Your financial resolutions for 2007

Indian middle class has seen an unprecedented prosperity surge in recent years. Along with pay cheques, aspirations have also spiralled.

By Narayan Krishnamurthy        Print Edition: January 11, 2007

It’s deja vu again. At the close of yet another year you find that your money hasn’t grown as much as you had hoped. You take a deep sigh and hope to do better next year—and do nothing to ensure you really do better in the New Year. This is where we come in. To tell you ways that will make your wealth grow faster.

Your financial resolutions
Click here to see what your financial resolutions should be

Indian middle class has seen an unprecedented prosperity surge in recent years. Along with pay cheques, aspirations have also spiralled. Today your monthly purchase list does not stop at the grocery and occasional suit/sari. It also has the latest iPod, better car accessories, a designer party outfit...The “more” syndrome has caught on: more money, more assets, more investments, more expenditure, more wants. To make sure you have more money for years financial planning becomes both critical and complex.

Help is just a page away. Turn over to find how by making — and adhering to — 10 simple financial resolutions you can move towards your goals. Some resolves are those that you had always wanted to follow, others that you probably never thought of. And yet others are those sneaky ones that may have fleetingly crossed your mind, but you banished them out of embarrassment.

MONEY TODAY rings in the New Year re-affirming its promise: Makes you richer.

RESOLUTION 1: I will not keep more than one month’s salary in my savings account.



 

 

 

 

 

What would you do if somebody stole the money in your bank account? Raise a ruckus, call the police, file a report? Well, there’s a thief who robs millions of bank accounts every day and nobody even comes to know about the theft. The culprit is inflation and its victims are people who keep large balances in their savings bank accounts. Inflation erodes the value of money. If it is cash, the value erodes faster. But savings bank accounts are only a tad better. With inflation raging at 6%, the 3.5% that your money earns in a savings bank account translates into an annual loss of 2.5% for you. The longer money stays idle in the account, the fatter the loss.

What’s the way out? If you are risk averse, go for a sweep-in account where excess money over a specified amount is put into a fixed deposit and earns a higher rate of interest. If you can stomach some risks, invest in a good mutual fund through a systematic investment plan. A one-time instruction to your bank is all it takes.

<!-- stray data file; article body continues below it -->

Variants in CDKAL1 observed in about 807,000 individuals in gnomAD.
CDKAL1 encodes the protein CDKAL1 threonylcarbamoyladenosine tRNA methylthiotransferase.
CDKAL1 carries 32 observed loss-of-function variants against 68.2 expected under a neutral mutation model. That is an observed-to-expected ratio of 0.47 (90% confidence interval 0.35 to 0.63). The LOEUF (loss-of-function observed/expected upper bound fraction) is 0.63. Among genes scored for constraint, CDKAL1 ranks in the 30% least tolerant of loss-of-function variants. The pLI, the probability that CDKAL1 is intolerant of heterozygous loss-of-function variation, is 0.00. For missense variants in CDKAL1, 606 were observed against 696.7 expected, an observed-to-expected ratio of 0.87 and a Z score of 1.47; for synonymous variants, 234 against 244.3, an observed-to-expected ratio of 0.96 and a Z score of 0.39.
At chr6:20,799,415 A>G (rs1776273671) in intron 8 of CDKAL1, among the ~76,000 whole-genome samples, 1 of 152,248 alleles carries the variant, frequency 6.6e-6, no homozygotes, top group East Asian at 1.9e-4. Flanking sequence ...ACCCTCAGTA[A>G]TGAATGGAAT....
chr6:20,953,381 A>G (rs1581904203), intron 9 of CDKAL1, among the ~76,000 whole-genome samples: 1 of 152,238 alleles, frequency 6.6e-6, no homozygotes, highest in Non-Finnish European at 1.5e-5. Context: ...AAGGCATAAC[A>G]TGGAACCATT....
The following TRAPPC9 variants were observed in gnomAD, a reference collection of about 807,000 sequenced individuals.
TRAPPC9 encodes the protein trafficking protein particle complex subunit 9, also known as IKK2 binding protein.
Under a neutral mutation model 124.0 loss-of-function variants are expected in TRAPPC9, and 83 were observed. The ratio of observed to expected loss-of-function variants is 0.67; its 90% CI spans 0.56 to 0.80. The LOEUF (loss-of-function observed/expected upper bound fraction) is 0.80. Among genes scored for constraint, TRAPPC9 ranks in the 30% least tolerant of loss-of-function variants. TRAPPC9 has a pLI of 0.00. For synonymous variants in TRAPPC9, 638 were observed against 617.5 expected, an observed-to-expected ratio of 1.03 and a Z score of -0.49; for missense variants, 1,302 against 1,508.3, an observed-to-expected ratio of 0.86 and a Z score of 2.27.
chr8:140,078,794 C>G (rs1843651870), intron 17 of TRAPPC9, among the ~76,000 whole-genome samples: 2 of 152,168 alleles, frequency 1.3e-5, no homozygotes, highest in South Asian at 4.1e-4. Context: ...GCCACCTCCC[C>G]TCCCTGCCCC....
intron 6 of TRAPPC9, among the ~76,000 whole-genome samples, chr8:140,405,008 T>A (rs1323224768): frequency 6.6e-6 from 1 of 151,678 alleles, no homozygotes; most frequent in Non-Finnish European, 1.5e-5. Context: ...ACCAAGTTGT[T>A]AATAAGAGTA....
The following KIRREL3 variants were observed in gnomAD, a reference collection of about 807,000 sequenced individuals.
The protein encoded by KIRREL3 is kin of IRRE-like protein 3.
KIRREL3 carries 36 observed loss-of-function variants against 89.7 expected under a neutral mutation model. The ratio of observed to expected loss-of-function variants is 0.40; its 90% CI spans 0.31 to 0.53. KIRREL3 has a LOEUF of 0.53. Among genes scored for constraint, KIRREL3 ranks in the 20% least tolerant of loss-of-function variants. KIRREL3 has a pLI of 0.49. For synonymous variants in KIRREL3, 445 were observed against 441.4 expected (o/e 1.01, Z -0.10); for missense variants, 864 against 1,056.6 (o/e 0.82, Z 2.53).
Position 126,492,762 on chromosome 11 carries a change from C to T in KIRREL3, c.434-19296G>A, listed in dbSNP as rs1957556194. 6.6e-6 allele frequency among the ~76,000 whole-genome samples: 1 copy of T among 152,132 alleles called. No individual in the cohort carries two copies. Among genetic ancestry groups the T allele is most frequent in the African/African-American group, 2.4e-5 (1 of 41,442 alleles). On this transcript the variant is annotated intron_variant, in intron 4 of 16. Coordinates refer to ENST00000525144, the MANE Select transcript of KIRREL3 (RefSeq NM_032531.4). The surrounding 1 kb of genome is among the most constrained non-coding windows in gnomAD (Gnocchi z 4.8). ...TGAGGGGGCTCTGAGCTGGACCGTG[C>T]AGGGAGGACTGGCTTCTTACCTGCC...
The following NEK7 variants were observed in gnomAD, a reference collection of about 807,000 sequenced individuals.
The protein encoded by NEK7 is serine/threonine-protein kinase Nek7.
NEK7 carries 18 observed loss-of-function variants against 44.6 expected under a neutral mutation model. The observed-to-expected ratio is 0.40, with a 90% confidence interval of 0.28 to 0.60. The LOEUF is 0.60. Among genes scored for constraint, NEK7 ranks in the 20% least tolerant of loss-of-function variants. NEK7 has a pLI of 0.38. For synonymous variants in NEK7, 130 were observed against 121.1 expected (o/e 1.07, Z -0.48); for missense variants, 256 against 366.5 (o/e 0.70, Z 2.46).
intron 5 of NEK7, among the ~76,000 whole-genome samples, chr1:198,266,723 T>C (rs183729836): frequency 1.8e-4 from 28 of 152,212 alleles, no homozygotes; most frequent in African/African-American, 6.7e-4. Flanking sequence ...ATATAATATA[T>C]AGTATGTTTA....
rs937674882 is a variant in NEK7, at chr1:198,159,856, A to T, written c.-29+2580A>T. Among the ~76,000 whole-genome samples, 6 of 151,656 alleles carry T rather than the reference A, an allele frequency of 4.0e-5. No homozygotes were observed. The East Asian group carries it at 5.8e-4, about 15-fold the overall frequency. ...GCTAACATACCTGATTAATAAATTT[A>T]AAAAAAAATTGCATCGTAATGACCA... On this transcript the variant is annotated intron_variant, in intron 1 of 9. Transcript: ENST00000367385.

If you are too tied up in work to write out a cheque or fill up a mutual fund application form, don’t despair. Netbanking now allows you to buy and sell mutual funds from within the air-conditioned comfort of your office. So, kick the hoarding habit this year. You work hard to earn your money. Now make it work as hard.

RESOLUTION 2: I will not invest in insurance to save tax.

 

 

 

 

  

 

Seven out of 10 people don’t know what kind of insurance policy they have. Five of them don’t even know how much insurance cover they have. All they know is how much premium they pay every year and how much tax they save. That’s because most of them never bought an insurance policy—it was sold to them. And one compelling reason for taking the policy was that it would help save tax. True, the tax breaks on life insurance are very generous— there is a tax rebate on the premium paid, maturity amount is completely tax free and even the sum received by the nominee in case of death is not taxed.

But that should not be the reason for buying an insurance policy. Many people make the common mistake of combining insurance with investment by going in for money-back or endowment plans. The truth is they are neither adequately insured nor do their investments earn good returns. They pay a huge premium but the cover is abysmally low. And the returns are lower than even FDs.

So, from this year onwards, treat insurance as a raincoat for the monsoon. Not an all-purpose garment you wear the year round.

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